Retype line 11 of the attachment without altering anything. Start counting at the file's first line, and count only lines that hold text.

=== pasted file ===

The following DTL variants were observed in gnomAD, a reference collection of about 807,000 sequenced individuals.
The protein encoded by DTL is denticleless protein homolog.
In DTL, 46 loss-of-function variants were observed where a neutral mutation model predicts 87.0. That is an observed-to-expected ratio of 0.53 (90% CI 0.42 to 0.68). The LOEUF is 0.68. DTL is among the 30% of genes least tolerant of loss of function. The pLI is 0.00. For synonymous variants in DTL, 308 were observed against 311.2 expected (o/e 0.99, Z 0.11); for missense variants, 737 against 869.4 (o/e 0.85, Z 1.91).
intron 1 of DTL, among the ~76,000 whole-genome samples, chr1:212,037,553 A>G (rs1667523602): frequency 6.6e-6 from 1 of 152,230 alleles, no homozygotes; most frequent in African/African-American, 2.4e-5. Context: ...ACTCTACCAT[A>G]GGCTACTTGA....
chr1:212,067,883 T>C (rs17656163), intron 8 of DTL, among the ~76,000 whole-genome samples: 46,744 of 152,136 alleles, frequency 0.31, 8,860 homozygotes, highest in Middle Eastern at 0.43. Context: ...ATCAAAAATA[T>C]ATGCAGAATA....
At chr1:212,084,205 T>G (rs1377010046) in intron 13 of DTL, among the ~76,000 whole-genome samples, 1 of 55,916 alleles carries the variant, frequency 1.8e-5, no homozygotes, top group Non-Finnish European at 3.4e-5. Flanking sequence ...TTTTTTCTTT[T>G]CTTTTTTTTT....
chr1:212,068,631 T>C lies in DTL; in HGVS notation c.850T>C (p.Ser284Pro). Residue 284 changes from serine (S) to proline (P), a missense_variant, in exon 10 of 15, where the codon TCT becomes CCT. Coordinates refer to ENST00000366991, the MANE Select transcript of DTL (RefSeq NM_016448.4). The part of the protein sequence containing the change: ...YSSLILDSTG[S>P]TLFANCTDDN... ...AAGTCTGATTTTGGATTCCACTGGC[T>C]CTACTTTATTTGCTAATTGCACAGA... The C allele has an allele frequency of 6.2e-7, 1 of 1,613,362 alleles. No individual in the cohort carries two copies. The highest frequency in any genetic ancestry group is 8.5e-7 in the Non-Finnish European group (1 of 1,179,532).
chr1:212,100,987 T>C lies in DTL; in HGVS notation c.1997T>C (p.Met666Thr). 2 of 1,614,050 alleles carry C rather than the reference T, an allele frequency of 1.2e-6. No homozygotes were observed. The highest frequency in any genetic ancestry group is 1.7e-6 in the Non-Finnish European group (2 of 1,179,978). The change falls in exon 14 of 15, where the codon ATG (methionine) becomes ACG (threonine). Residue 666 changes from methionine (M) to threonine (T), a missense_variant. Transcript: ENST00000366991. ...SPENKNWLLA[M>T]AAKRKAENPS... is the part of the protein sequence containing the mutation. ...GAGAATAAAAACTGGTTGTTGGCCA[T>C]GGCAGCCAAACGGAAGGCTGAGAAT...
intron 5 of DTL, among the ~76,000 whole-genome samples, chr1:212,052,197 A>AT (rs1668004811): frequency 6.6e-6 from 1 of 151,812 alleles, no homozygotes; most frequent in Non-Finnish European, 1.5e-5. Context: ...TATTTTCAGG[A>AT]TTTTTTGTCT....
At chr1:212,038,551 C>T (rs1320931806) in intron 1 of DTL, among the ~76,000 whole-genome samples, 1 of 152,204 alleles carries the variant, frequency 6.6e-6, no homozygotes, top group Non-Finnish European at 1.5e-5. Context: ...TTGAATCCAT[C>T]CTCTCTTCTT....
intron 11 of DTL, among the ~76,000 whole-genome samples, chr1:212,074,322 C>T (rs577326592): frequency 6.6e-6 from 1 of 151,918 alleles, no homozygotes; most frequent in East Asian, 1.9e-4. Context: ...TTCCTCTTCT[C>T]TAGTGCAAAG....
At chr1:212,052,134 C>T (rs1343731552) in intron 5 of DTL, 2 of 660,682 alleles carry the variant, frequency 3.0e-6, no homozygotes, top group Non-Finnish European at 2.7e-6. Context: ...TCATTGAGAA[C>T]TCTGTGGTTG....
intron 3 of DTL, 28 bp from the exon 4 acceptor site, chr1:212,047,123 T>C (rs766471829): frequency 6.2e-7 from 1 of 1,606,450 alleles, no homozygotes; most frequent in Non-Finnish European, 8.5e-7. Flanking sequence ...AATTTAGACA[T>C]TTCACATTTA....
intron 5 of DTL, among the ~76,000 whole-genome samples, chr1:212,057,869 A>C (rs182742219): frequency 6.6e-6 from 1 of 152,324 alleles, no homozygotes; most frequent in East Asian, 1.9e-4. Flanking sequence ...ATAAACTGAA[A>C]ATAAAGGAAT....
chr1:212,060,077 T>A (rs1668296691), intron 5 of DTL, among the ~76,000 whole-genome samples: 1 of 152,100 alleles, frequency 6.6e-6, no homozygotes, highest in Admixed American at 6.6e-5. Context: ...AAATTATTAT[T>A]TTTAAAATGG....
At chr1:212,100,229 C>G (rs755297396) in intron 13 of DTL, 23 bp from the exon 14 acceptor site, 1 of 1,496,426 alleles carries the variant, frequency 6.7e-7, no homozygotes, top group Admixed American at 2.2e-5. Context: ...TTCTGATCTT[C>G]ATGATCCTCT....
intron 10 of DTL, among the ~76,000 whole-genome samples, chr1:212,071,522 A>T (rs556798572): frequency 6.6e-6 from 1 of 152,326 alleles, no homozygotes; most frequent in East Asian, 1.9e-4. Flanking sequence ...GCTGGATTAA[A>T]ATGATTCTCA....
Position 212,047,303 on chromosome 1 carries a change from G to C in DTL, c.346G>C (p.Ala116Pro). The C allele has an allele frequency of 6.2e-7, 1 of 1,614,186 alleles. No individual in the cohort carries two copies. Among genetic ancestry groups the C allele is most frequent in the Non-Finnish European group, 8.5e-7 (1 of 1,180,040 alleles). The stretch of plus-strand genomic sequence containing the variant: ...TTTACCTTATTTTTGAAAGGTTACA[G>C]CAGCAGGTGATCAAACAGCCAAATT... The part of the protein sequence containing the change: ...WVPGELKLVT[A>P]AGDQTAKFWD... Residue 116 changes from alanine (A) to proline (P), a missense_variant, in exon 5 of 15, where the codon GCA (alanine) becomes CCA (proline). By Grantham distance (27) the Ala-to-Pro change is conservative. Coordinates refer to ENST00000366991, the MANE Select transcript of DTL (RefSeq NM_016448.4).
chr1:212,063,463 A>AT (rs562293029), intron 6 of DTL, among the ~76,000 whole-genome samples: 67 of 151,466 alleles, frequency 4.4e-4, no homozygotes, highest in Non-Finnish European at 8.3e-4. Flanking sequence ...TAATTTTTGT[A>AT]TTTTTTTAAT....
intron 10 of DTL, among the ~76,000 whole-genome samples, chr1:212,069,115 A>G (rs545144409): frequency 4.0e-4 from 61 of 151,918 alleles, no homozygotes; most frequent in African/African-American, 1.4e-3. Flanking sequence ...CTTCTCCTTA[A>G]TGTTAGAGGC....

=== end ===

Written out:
intron 11 of DTL, among the ~76,000 whole-genome samples, chr1:212,074,322 C>T (rs577326592): frequency 6.6e-6 from 1 of 151,918 alleles, no homozygotes; most frequent in East Asian, 1.9e-4. Context: ...TTCCTCTTCT[C>T]TAGTGCAAAG....